Use the U.S. Web Design System for Development
The U.S. Web Design System (USWDS) provides design guidelines and code to help you quickly create trustworthy, accessible, and consistent digital government services. USWDS components are built on a solid HTML foundation, progressively enhanced to provide core experiences across browsers. In other words, by using the USWDS, what you build today, can be leveraged across the USDA and your agency in the future.
The U.S. Web Design System is a valuable resource for updating your site. It includes:
User Interface (UI) components including code
Utilities (simple HTML classes typically scoped to a single CSS property)
Installation and customization guidance
Performance and code guidelines
Migration and implementations for popular content management systems, web frameworks, and package managers
The 21st Century Integrated Digital Experience Act (21st Century IDEA Act) states that any website of an executive agency that is made available to the public needs to be in compliance with the website standards of the General Services Administration (GSA). Section 3; E.
As much as possible, you should use USWDS Elements (particularly UI components) instead of developing custom ones. USDA digital look-and-feel guidelines incorporate the USWDS Design Principles, and we encourage design and development teams to review these before you start. You should take particular note to follow the guidelines that require your site to use mobile-responsive design.
U.S. Web Design System 2.0
USWDS is an ever-evolving product with rolling releases that include bug fixes, new features, and other updates. USWDS 2.0 was released in 2019 and is a new foundation for the future of the design system. This new version was designed to make it easier for any project to integrate USWDS and use it to support both your mission and the needs of your audience.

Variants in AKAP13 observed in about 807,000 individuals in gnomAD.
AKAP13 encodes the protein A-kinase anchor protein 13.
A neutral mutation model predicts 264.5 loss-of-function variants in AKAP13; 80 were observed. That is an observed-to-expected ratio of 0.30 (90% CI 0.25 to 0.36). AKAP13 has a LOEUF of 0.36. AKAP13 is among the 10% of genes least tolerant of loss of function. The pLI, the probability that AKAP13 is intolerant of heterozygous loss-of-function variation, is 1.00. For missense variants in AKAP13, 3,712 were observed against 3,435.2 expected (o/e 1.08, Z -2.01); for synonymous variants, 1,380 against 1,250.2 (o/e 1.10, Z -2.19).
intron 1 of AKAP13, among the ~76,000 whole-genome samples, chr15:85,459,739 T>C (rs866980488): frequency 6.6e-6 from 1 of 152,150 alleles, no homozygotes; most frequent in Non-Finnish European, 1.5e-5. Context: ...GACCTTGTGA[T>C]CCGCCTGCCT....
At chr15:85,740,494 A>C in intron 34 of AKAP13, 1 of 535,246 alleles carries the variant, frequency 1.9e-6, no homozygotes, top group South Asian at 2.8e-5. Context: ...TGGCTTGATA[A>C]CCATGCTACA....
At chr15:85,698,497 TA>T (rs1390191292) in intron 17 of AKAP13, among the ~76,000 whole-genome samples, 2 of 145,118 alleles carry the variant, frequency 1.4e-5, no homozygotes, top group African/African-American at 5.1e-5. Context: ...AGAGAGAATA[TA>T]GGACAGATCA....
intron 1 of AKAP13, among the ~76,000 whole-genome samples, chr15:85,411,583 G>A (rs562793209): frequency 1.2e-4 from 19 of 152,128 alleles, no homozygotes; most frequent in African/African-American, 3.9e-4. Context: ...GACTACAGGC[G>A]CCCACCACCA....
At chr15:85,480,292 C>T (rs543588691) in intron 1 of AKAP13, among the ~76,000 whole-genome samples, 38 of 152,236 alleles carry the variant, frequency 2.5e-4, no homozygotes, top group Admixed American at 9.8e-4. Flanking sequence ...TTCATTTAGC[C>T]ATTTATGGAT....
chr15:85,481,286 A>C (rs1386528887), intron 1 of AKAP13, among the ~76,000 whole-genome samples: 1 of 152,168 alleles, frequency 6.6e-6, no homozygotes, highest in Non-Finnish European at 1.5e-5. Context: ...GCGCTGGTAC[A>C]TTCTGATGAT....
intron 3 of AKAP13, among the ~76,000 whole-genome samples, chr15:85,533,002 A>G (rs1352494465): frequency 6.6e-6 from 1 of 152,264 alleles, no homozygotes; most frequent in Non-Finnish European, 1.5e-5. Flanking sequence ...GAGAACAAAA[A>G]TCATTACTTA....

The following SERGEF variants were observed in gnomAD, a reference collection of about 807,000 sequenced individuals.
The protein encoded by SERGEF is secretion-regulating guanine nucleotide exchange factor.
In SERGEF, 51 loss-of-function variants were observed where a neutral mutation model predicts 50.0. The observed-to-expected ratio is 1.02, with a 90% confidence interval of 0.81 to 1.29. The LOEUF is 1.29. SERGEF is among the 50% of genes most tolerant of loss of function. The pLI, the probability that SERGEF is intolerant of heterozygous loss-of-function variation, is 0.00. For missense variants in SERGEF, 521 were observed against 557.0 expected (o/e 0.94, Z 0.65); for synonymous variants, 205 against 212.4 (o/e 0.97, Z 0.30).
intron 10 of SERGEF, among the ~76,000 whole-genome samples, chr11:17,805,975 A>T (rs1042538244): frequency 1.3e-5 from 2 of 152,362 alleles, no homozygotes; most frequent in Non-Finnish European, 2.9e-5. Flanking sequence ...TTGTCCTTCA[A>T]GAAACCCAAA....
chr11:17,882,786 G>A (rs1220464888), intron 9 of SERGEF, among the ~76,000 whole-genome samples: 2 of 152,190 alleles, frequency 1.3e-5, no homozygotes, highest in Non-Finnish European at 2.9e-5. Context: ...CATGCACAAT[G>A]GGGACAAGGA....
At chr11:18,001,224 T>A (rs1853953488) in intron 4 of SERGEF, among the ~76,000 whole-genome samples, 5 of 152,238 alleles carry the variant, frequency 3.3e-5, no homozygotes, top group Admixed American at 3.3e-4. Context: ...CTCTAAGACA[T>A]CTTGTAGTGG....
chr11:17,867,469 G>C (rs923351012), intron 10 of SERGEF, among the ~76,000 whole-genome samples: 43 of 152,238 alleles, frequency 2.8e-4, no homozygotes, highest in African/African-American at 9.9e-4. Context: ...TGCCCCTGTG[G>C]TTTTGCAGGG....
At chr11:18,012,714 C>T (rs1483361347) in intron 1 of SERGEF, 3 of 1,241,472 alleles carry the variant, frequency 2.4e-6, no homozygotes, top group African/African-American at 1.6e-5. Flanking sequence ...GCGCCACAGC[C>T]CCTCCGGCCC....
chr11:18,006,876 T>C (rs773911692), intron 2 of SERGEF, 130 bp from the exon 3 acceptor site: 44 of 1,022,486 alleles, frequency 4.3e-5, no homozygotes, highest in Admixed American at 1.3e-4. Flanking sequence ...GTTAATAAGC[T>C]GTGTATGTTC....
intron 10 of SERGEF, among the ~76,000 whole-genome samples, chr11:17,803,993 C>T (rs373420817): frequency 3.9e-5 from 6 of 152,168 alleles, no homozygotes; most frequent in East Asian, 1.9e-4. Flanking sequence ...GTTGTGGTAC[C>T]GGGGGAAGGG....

If you are currently redesigning your website, be sure to use USWDS 2.0.
If you are already using USWDS 1.0, you have time to migrate to the newest version. This change can be placed in your backlog and prioritized as needed against other product improvements. Notably, USWDS 2.0 is a major rewrite of the entire codebase, and migrating from 1.0 to 2.0 can be complicated. USWDS has outlined the high-level changes any project will need to implement, followed by more specific component changes and complete release notes from each related release.
Becoming Part of the Community
USWDS is an active open source community of government engineers, content specialists, and designers. There are several ways to provide feedback or engage with the team. You can reach out via USWDS’s Github, Slack and email.
As much as possible, your web site should support your users’ web browsers. Different web browsers interpret web content and functionality differently. The U.S. Web Design System 1.0 supports the newest versions of Chrome, Firefox, Safari, and Internet Explorer 9 and up, while U.S. Web Design System 2.0 will officially support any browser above 2% usage as observed by analytics.usa.gov (the newest versions of Chrome, Firefox, Safari, and Internet Explorer 11 and up). You should examine your web analytics for browser usage to establish your cross-browser compatibility goals to meet the needs of your audience. At minimum, USDA requires that your site follow the U.S. Design System (2.0) guidance of supporting any browser above 2% usage.
General tips for building cross-browser websites:
Keep your layouts simple
Use your HTML for content, not style
Validate your code, both HTML and CSS, before going live. (For example, use W3C Markup Validation Service)